Communication agencies are increasingly called upon by their customers to implement collaborative software solutions that streamline exchanges between the various parties involved in a publishing project.
This development is forcing agencies – especially the more creative ones, who are often more limited in their use of technology – to rethink how they manage the skills of their teams. Few agencies have the resources of large groups to buy IT services companies or create dedicated business units.
The example of the creation and implementation of workflow (about workflows) is revealing of the new business to be integrated. Indeed, the implementation of collaborative solutions generally begins with workflows. At first glance, defining a workflow may seem basic. The sequence of steps and actions to be carried out by users is quite clear, especially in the first exchanges involving a limited number of people. Then you need to manage user rights, and user groups and add roles that define who, at which stage, has access to which functionality. And then, as more and more users become involved, other steps need to be added, checked, and validated. Designing a workflow with its stages, management rules and associated rights is rarely a matter for creative people.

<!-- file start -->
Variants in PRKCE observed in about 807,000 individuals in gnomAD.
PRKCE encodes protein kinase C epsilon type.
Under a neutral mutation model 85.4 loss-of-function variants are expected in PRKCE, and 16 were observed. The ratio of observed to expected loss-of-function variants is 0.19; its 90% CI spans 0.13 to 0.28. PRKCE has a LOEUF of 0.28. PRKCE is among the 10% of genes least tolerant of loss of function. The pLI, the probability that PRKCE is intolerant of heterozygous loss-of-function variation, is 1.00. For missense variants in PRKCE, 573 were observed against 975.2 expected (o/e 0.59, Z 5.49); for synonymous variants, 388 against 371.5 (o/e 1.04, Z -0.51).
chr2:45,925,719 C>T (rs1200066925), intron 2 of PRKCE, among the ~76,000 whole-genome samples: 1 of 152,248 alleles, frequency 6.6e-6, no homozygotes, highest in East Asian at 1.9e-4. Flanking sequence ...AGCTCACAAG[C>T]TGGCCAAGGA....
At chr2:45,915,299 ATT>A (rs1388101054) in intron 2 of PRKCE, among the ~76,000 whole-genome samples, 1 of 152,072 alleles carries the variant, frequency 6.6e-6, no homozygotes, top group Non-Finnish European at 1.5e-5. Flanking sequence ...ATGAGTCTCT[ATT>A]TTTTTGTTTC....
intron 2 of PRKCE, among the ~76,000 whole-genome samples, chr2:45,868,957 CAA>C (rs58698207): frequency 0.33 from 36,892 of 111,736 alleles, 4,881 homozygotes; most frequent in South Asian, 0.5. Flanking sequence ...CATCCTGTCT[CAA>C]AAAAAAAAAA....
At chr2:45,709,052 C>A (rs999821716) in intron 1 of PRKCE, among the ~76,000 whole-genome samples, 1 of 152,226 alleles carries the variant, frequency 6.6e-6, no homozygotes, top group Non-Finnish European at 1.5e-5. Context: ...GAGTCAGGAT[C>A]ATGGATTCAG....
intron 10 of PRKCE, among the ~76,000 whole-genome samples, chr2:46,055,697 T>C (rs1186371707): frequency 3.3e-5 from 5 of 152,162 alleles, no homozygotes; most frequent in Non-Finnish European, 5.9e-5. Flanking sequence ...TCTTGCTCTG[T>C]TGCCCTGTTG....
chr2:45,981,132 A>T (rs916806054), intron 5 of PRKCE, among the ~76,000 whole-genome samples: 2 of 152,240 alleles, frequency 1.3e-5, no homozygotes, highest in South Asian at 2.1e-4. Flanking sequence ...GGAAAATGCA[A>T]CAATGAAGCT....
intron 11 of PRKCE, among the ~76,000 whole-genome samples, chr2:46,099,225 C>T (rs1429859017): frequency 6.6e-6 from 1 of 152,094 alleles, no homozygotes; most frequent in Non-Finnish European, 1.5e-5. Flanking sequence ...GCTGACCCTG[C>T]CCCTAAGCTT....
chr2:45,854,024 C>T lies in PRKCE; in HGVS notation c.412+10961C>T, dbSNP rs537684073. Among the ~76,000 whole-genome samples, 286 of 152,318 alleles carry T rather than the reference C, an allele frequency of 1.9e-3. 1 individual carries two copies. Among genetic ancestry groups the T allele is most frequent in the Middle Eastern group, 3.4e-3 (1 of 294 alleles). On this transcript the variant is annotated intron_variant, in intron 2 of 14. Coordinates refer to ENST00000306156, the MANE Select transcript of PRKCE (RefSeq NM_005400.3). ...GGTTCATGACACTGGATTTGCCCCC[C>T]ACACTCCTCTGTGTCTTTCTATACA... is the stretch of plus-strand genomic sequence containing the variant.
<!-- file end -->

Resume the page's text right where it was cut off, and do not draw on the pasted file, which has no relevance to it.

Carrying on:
At the beginning:
In the end:
However, setting up a workflow to structure exchanges optimizes production times and brings overall benefits to the organization. As the benefits are not always visible to users, they sometimes find it hard to accept the constraints imposed on them and insist on making exceptions.
That’s why it’s a good idea to rely on J2S’s expertise ( after all, we’ve been in the business for over 23 years!), as we can not only handle the technical side of a workflow but also provide support for users.
If you’d like us to help you optimize your workflow, please don’t hesitate to contact us at firstname.lastname@example.org.
We look forward to hearing from you!
Cofounder of J2S